It is the eve of the Apocalypse, though few people know this. On a bridge overlooking a river, and a glittering building of steel and glass, stands a man. He is tall and lean, with a pale face and a nose that lends the term classic to his visage.
He has stood there alone for maybe an hour, but that will soon change. From the west, walking up the slight incline, comes another man, not as tall, not as lean. As he walks up, to stand beside the first man, his face is revealed as a wholly ordinary one. So ordinary, in fact, that you would be a fool to trust it, even though you can.
"Hullo," he says, voice British and pleasant to the ear.
"Coming to watch the beginning of the end?" the first man, in more ways than one, asks. His accent might be called British as well, for all the good it would do you.
"I am the Watcher," the other replies, unapologetic, but not confrontational.
"So you are," the first acknowledges.
They stand silently for a long while, though what could be so interesting about this particular view is anyone's guess.
"I thought there would be horses," the Youngest says, breaking the silence.
"You are too late for that," the Eldest replies. "The Harbingers of the Apocalypse have come and gone, but one left a gift behind."
"Pestilence," something sad, yet accepting, in the tone.
The silence reigns once more after that, two pairs of eyes following the ripples of the stream, each pair seeing things in its depths that no mortal could fathom. Eons pass unnoticed.
"You do not need to be here, Old One," the first finally gifts the other. For it is a gift, albeit of a different kind.
"I thought you could use some company," the other replies, smiling slightly.
"Think your presence will change my mind?" A predator's grin.
"I am not that young," the one who lacks millennia of years, yet retains generations worth of wisdom, admonishes gently.
"And so you are not," the Ancient relents; for he is truly ancient, and what wisdom he has he has lived; each day of suffering and sorrow, each day of wonder and joy.
A few more moments pass in silence. Hours even, though hours are but moments for these two. A few more destinies are changed, sealed, and then changed again.
"Not to be presumptions, milord," the younger invites to another dance of words.
"Not your lord, Watcher," the older replies, a gentle admonishment in return. "Your lords have also come and gone, and my watchers are far from here. Call me Methos." Another gift.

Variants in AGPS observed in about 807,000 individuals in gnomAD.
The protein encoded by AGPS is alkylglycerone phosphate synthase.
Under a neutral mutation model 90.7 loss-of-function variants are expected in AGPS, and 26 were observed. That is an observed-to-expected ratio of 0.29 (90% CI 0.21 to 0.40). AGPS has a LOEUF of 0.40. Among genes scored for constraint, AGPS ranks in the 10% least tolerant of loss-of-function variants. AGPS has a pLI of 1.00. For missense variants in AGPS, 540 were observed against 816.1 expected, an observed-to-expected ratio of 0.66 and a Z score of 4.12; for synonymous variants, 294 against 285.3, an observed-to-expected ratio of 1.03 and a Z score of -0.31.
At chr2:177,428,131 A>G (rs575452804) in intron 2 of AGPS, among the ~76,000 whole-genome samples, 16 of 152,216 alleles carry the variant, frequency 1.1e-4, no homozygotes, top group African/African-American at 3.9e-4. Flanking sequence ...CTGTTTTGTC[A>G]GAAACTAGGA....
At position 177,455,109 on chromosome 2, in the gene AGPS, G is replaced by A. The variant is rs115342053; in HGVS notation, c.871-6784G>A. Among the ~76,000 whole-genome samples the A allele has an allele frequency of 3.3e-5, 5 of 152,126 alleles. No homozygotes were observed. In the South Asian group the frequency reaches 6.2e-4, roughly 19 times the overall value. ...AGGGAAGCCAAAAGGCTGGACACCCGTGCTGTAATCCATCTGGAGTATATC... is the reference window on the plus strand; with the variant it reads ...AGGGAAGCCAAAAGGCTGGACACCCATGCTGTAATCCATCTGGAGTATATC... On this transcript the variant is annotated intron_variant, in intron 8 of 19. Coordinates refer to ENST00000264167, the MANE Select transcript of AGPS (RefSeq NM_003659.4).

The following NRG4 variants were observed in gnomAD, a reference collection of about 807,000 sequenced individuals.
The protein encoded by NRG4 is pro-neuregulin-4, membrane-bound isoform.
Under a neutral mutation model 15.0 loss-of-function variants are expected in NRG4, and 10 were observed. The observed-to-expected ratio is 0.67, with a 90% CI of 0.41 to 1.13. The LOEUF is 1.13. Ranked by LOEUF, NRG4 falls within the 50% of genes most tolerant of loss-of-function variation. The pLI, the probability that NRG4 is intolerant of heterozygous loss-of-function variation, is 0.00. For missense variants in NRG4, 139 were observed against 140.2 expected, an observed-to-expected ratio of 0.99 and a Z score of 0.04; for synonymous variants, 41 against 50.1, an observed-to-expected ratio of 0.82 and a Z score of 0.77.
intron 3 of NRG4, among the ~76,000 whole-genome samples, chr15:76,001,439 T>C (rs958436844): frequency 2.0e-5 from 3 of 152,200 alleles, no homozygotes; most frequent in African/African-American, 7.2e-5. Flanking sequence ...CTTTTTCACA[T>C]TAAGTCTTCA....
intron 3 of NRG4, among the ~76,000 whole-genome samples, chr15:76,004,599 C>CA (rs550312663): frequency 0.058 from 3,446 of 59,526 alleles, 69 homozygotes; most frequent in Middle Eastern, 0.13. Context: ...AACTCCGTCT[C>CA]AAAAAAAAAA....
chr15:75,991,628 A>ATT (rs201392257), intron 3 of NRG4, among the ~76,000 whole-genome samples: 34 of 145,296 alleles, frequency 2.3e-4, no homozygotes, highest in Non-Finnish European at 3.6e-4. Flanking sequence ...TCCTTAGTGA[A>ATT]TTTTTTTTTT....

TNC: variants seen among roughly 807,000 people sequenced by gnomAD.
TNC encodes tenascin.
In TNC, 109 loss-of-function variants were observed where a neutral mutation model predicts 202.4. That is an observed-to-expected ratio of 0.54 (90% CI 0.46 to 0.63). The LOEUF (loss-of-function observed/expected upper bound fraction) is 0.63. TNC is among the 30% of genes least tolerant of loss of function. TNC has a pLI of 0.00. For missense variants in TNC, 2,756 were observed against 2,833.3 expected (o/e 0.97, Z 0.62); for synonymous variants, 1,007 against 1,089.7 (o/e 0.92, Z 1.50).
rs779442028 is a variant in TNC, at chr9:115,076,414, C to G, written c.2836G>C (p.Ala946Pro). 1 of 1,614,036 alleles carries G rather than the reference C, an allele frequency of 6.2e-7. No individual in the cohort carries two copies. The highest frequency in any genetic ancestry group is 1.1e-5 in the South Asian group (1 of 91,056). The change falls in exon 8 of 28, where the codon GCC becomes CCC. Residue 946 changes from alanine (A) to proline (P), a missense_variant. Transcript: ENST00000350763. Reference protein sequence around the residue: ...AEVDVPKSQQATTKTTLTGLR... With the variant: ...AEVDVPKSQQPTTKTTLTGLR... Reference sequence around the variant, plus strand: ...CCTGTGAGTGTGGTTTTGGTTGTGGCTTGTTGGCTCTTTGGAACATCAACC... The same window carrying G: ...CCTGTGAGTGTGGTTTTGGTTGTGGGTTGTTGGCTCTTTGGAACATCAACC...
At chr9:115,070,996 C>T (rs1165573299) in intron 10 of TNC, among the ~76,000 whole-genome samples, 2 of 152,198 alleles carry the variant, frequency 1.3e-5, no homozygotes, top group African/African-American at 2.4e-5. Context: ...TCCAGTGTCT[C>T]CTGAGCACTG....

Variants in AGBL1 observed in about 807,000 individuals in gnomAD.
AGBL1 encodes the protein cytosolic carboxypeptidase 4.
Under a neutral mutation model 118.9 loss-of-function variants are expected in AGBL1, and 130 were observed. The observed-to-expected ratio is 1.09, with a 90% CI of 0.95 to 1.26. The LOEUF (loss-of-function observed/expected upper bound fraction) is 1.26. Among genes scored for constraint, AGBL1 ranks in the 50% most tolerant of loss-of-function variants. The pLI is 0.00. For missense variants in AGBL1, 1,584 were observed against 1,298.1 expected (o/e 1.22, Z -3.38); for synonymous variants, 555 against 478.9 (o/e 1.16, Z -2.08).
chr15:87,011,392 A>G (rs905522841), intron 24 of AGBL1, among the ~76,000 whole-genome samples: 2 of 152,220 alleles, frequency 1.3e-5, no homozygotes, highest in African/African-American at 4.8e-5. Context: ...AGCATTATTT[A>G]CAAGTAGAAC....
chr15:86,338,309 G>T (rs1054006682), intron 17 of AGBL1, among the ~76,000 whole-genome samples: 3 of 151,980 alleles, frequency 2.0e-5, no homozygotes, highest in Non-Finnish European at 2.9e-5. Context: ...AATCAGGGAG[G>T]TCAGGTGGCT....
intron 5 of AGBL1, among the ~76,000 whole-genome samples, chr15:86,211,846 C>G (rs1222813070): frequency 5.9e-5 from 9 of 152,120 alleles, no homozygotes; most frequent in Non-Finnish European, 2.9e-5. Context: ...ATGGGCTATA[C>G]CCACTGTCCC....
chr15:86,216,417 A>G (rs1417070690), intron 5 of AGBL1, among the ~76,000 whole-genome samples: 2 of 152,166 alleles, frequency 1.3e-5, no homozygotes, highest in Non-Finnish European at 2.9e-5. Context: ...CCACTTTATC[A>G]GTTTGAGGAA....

"Methos," the other acknowledges, though slight reverence now coloring his tone. For the Ancient is ancient beyond belief, the truest Lord of the Earth. And the Watcher is merely a watcher now, and so it is said that he shall ever be.
"Methos, you do not need to be here either." Entreating, almost begging.
"Ah, but I must, child," the Ancient replies kindly, moving to place one hand on a shoulder that no one would ever guess to have once carried the fate of the world.
"But what good will it do?"
"I am a watcher too, my friend, in my own way."
"So you regret this?"
The ancient man squeezes gently before letting go of his companion. A warning or a comfort - to him it would be both.
"Civilizations rise and fall," he replies. "And this one is due for some change."
Light flickers in the darkness, not more than a fraction of a second, before an explosion shatters the glass of the building they both watch so intently. The sound is still loud, even as they stand a mile away, but perhaps not loud enough for the impact it will have on the world.
Old One and Ancient stand side by side, watching the flames and the smoke, hearing sirens that are already too late.
"I am become Death," the younger murmurs, too low for human ears.
"You already have a title Watcher, let me keep mine," Methos says, patting his companion on the shoulder before turning away toward the east.
"What will happen now?" the Youngest of the Old calls after him.
"Some will live. Some will grow stronger. This is another day," Methos says, as the red of morning burns over his head. "Now, humanity must fight." He turns back toward the coming dawn, his long coat flowing up like wings in the sudden breeze.
"Don't be a stranger, Methos," the one always left behind mutters.
"You'll always know where to find me, Will," an impossible voice warms his soul.